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The Pros And Cons Of Certifying Solely In Freshwater

This article draws on my personal experience of certifying in both environments in order to establish whether there is any meaningful difference between the two.

As a dive professional, I’ve often guided customers on their first-ever sea dive. Some of these were students, but many were advanced divers who had only dived in inland quarries, lakes and rivers. This got me thinking about the pros and cons of certifying entirely in freshwater, and whether doing so affects one’s ability to dive safely in a saltwater environment. This article draws on my personal experience of certifying in both environments in order to establish whether there is any meaningful difference between the two.


I completed my entry-level certification at the end of a vacation to Australia, after which I returned to the U.K. I was instantly hooked, however, and couldn’t wait for my next diving vacation or to start working towards my next certification. The easiest (and cheapest) way for me to continue diving once I got home was to sign up for my advanced course at an inland quarry, only 30 minutes from where I lived. The quarry was a far cry from the Great Barrier Reef, and yet, it was considerably more convenient than making my way to the English coast. Convenience, therefore, is one of freshwater certification’s major pros; it was also far more affordable. In this way, freshwater certification helps make diving more accessible.

Divers that have only ever dived in the ocean often assume that inland diving is easy, since those factors that can make saltwater diving a little tricky (current, swell and tidal changes) are not an issue at inland dive sites. I would argue, however, that freshwater diving has its own difficulties, each of which helps improve the skills and experience of those who certify there. Even though many of world’s most crystalline dive sites are inland, often they’re not the same dive sites at which scuba courses are taught. The worst visibility I’ve ever encountered has been at inland dive sites, which presents a major challenge for beginners. However, if you can feel confident in an environment where your hand disappears a few inches from your face, it’s likely that you’ll remain calm in other stressful situations, too.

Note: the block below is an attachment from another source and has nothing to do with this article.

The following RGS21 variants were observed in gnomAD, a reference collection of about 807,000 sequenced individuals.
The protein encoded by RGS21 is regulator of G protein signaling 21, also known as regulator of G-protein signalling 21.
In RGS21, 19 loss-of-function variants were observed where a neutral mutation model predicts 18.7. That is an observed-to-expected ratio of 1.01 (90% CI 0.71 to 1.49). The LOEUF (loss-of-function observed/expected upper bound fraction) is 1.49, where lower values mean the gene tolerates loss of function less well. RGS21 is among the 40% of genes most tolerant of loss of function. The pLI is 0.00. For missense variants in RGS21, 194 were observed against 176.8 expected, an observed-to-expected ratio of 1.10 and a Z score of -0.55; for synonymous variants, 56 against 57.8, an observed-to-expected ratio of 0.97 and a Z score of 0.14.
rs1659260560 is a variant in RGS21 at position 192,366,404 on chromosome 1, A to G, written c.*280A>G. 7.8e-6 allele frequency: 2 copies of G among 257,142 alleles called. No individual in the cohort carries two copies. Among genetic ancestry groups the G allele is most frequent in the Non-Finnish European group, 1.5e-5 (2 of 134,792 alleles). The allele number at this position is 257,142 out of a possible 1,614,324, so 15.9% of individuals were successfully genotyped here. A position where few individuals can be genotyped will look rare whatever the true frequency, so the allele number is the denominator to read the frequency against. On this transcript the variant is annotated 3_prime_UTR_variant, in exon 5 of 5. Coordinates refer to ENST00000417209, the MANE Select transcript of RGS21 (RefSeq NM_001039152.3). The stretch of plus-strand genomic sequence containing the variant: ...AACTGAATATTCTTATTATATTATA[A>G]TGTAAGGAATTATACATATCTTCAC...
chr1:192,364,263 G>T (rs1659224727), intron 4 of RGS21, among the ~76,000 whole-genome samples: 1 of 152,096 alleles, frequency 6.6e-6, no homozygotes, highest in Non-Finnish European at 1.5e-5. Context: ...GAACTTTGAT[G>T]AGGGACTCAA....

It could also be argued that certifying in freshwater gives a diver greater appreciation for the ocean when they dive there for the first time. I’ve never seen clients surface at the end of a sea dive with as much exhilaration as a group I once guided in South Africa, which had until then only ever dived Johannesburg quarries. Whereas those who certify in the ocean may become blasé about turtles, parrotfish, or moray eels, this group was astounded by the color and life on the reef. For them, anything that wasn’t the algae-encrusted shell of an old bus (those who’ve experienced quarry diving will know what I mean) was something to be treasured for a long time. With that being said, freshwater certification sites do have their share of interesting life — I once came face-to-face with a giant pike at that same English quarry where I did my advanced course.


Although we’ve already established that inland diving is by no means easy, it’s an unavoidable fact that it cannot entirely prepare a diver for the rigors of the ocean. This has been my No. 1 issue with divers who have certified solely in freshwater and then attempted ocean dives without allowing themselves any period of adjustment. Making the transition on a calm, flat day with no current is one thing, but in South Africa, where I’ve spent most of my time as a divemaster and instructor, the ocean rarely complies. I’ve seen certified divers lose their nerve completely because they were unprepared for the difficulties of diving in strong current or in rolling surge.

As a dive guide, you can advise divers who are new to the ocean to wait for better conditions, but if they are fully certified, the decision is really up to them. A lack of ocean experience is usually an easily overcome hurdle under a dive professional’s supervision, but sometimes  — especially when freshwater-certified divers choose to dive as a buddy pair without an experienced guide — this gap in a diver’s knowledge can be dangerous.

Another issue that affects divers who certify solely in one environment or the other is buoyancy. Adequate weight in fresh water will not be adequate in salt water, and the necessary adjustments can make it difficult to reestablish buoyancy control quickly. Although this affects saltwater divers who visit inland dive sites, too, it is better to be slightly negatively buoyant than positively buoyant.

Currently, divers who certify in freshwater are not required to undergo any additional training before transferring their skills to the ocean and vice versa. After reading this article, do you agree that scuba skills are scuba skills, and the environment in which you practice them is irrelevant? Or do you feel that divers who train solely in either freshwater or saltwater should seek further training before being able to conduct themselves safely anywhere else?